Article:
UC Law SF Communications and Entertainment Journal


Danielle Levine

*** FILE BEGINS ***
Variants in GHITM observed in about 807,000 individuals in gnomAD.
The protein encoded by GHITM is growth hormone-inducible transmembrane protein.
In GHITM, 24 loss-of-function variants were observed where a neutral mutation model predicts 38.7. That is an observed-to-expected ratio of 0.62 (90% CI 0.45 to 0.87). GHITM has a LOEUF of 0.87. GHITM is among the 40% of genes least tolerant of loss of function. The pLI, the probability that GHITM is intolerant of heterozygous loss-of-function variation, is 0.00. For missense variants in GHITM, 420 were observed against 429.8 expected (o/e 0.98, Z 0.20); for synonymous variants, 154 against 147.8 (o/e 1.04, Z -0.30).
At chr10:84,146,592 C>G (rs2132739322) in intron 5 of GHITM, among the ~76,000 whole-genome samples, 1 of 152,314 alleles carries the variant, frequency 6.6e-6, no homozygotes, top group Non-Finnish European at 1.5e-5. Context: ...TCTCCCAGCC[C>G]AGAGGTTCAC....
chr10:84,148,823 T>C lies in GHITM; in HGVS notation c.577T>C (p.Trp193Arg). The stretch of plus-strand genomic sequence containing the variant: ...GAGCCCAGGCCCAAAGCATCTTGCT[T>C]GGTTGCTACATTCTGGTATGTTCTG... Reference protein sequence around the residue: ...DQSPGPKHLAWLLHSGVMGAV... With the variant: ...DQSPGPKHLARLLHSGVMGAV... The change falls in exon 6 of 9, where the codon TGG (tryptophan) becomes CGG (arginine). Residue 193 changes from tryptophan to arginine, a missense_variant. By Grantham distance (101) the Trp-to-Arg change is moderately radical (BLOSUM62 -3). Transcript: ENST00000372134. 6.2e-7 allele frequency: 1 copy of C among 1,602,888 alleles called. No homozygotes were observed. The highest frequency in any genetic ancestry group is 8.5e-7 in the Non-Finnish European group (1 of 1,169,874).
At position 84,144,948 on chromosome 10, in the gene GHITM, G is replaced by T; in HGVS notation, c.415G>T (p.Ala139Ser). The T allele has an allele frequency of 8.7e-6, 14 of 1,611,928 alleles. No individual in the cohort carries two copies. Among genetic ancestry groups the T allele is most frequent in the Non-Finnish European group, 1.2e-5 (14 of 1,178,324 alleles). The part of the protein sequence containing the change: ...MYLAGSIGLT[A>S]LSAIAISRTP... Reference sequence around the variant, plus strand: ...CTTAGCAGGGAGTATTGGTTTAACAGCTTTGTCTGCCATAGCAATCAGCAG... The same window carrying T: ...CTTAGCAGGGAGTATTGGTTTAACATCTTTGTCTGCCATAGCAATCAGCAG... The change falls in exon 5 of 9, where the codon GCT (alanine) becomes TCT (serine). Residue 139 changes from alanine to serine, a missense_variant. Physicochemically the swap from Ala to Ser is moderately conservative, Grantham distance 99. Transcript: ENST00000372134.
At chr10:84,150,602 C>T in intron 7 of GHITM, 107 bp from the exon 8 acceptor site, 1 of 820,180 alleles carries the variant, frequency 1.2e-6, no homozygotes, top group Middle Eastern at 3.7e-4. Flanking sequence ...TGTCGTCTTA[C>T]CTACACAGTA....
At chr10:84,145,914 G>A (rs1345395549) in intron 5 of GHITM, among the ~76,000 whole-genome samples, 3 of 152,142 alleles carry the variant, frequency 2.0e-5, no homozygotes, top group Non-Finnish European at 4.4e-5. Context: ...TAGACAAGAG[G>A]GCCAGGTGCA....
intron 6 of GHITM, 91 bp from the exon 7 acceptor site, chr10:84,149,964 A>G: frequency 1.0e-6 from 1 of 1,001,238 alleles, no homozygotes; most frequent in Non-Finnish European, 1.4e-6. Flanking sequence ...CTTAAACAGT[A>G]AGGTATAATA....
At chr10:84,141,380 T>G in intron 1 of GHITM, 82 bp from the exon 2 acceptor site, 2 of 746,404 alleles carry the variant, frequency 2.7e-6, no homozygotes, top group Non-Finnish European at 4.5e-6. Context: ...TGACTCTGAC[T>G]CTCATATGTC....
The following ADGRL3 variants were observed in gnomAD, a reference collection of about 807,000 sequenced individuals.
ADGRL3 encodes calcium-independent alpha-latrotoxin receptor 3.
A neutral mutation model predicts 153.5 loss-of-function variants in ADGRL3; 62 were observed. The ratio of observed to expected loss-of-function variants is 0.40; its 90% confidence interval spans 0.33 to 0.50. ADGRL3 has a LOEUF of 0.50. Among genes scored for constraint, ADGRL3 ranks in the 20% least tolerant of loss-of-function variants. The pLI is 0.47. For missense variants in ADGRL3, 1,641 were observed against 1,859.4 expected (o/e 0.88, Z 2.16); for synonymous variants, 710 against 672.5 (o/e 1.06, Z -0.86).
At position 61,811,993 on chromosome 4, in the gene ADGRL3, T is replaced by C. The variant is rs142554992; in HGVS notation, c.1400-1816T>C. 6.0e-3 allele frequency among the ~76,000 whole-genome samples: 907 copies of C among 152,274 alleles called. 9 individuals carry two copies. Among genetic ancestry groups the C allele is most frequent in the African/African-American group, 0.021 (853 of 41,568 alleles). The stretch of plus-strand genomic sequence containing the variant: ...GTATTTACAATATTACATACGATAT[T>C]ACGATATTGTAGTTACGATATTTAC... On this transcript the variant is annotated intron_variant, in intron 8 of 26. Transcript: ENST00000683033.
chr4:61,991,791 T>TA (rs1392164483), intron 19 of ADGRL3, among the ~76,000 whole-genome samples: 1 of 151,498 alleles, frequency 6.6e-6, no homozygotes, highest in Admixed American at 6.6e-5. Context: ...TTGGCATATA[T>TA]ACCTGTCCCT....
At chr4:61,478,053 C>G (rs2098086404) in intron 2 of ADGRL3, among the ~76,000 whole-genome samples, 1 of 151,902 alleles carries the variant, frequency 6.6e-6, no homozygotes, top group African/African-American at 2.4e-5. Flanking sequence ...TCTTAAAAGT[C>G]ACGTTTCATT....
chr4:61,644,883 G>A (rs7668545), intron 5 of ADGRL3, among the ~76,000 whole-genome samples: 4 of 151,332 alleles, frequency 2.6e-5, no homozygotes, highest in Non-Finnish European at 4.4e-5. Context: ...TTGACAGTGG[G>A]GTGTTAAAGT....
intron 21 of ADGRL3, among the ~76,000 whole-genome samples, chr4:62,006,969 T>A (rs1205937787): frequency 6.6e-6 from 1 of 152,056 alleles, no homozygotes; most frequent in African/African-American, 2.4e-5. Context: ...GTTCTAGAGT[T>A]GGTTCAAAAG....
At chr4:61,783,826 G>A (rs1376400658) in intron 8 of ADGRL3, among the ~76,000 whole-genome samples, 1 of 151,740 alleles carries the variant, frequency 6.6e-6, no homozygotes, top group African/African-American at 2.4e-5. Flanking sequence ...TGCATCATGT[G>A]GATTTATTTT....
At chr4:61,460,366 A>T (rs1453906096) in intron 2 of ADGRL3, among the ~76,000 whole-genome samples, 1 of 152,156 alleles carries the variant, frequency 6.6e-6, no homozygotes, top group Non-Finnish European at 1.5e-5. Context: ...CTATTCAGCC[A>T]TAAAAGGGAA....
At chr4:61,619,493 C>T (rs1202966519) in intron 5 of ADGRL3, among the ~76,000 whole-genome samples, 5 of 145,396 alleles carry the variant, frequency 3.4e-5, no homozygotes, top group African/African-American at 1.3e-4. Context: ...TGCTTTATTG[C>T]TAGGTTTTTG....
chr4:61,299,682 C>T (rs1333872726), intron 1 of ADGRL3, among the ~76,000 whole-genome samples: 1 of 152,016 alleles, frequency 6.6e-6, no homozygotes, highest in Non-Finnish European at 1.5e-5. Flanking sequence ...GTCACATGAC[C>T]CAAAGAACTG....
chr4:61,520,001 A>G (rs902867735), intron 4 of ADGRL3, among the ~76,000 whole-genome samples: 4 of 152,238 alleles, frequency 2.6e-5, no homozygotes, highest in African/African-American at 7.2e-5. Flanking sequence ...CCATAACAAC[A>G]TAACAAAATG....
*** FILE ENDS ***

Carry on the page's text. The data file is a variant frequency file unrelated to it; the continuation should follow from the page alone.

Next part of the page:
With the rise of social networking sites such as Facebook, individuals are sharing information about themselves at alarming rates. With such copious amounts of personal information on the Internet, it is unsurprising that the government is using social networking sites to gain access to data for use in criminal investigations and prosecutions. This paper examines the ways in which social networking sites and the government's search for information collide. Part I looks at Facebook and discusses the ways the government has used Facebook and similar social networking sites in its investigations. Part II outlines the statutory framework through which the government gains access to electronic data and then analyzes its impact with respect to information privacy and Fourth Amendment litigation. Finally, Part III examines the intersection between the law and social networking sites, highlighting that the law, as it currently stands, has not adequately kept pace with the speed of technology, and therefore, is in need of revisions.